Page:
You talk about moralising and outrage, just here you are doing the same.

          You’re outraged because a newspaper journalist has made a few points about something you love and know that what they are saying is true.

      • Edgar says:

        The world may be “now full of humourless, puritanical self-parody” – except here in Boston, where one still suffers the miserable effects of Puritanism (such as : no alcohol sold anywhere until after 12 noon on holidays). I know. I live here. How I wish the place was settled by Italians! We’d be drinking Prosecco well before noon, especially on, and never limited to, holidays and Sundays! What glorious fun that would have been!!

        As for this year’s Proms: I checked out the BBC website and found nothing that piqued my curiosity. No a single concert of which I feel I will miss something when I don’t listen to it.

        But then: who needs Proms when the country itself, and especially its political class-conscious elite (think Eton) has embarked on hitherto never before witnessed nervous breakdown and self-destruction?

        “Rule Britannia”? Not. Maybe the Proms need to exit together with what will be left drifting alone as UK after Brexit… (Oops! That was a political statement. Verboten by the BBC during Prom Season….;-) )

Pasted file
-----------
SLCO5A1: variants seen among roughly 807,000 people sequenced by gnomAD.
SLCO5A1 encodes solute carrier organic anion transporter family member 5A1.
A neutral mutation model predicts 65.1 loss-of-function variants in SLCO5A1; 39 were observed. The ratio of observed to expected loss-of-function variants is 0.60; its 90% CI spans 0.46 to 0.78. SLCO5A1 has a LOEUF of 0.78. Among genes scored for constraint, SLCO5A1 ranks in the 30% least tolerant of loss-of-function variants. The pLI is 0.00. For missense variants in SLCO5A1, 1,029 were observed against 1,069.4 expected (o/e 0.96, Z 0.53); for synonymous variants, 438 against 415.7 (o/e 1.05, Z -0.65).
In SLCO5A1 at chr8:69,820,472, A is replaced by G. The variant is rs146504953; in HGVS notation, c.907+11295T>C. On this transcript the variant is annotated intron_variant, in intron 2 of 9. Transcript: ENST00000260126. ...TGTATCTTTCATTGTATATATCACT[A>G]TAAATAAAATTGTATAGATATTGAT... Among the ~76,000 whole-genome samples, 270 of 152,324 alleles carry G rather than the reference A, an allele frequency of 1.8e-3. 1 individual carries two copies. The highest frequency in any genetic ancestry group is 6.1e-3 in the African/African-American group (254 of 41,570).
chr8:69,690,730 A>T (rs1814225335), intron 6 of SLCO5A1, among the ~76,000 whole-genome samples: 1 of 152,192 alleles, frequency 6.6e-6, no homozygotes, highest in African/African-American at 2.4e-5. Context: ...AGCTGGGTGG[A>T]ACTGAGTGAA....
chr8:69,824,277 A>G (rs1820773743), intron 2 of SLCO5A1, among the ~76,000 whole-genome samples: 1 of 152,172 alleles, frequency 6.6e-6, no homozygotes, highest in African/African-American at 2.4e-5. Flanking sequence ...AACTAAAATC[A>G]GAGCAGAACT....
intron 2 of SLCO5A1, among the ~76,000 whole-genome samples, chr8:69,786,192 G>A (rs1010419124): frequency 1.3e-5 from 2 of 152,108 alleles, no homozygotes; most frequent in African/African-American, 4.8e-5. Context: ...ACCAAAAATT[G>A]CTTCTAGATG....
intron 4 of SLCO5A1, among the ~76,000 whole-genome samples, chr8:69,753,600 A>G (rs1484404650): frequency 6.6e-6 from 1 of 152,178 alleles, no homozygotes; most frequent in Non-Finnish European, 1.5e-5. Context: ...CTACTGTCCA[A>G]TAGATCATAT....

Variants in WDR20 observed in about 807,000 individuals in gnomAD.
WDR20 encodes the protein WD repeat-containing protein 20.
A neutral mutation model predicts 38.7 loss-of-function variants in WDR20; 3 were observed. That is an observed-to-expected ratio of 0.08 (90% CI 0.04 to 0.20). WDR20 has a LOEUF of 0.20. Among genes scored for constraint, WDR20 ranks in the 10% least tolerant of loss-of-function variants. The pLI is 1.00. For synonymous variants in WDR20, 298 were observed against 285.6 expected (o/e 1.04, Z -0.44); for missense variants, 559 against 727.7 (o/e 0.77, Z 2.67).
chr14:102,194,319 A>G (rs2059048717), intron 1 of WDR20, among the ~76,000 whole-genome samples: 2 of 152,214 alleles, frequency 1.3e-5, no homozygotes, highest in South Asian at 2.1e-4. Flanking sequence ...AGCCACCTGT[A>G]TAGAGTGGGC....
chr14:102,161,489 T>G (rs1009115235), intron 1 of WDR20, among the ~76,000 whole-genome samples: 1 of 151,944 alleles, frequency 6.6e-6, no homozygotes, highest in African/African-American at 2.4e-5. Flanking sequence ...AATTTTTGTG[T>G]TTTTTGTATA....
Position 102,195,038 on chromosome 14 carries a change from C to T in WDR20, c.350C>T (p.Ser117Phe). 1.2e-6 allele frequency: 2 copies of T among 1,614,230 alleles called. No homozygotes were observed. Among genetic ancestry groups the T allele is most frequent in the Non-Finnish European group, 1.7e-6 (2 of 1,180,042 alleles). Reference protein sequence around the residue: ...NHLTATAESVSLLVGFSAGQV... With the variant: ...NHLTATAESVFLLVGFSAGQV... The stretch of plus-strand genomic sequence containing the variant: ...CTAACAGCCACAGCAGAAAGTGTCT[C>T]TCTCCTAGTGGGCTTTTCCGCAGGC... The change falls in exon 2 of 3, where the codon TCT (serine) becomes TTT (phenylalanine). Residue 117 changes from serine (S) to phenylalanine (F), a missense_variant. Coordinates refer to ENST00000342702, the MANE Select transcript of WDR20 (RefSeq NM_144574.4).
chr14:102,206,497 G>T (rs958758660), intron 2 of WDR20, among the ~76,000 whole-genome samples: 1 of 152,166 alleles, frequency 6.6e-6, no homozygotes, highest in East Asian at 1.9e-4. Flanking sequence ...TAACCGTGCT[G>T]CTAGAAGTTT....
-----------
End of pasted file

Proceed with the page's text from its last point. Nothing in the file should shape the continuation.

• Rgiarola says:

    A foreigner could interpret it by analogy as The Proms is Tory, and support Brexit, since Guardian is bashing it. Seems to be like an editorial rule lolololol

  • Caravaggio says:

    And Rule Britannia is a noxious, obnoxious, chauvinistic and offensive colonial supremacy little ditty. It ought to soon leave the planet for good.

    • Sue Sonata Form says:

      I think it’s great fun and always enjoy it. A relic from the past, but the people love it. (Never see too much ‘diversity’ in the Proms audiences anyway!)

    • Allen says:

      The Last Night is a party, nothing more, with few stabbings.

      If you want truly obnoxious, try Drill.

    • Paul Brownsey says:

      It used to be sung ironically. Now, alas, too many people have sentiments that it expresses … though it is heartening to see how many people from other countries, to judge by the flags waved at the Last Night, have come to see the Last Night as a sort of celebration of internationalism after all. Just as golliwogs became much-loved dolls, so this “noxious” ditty gets its charge reversed and singing it becomes an emblem of internationalism!

      • John Sorel says:

        It’s the culmination of Arne’s masque ‘Alfred’ (1740) – and refers to the apperance of the British Isles from out of the sea in a long-distant past.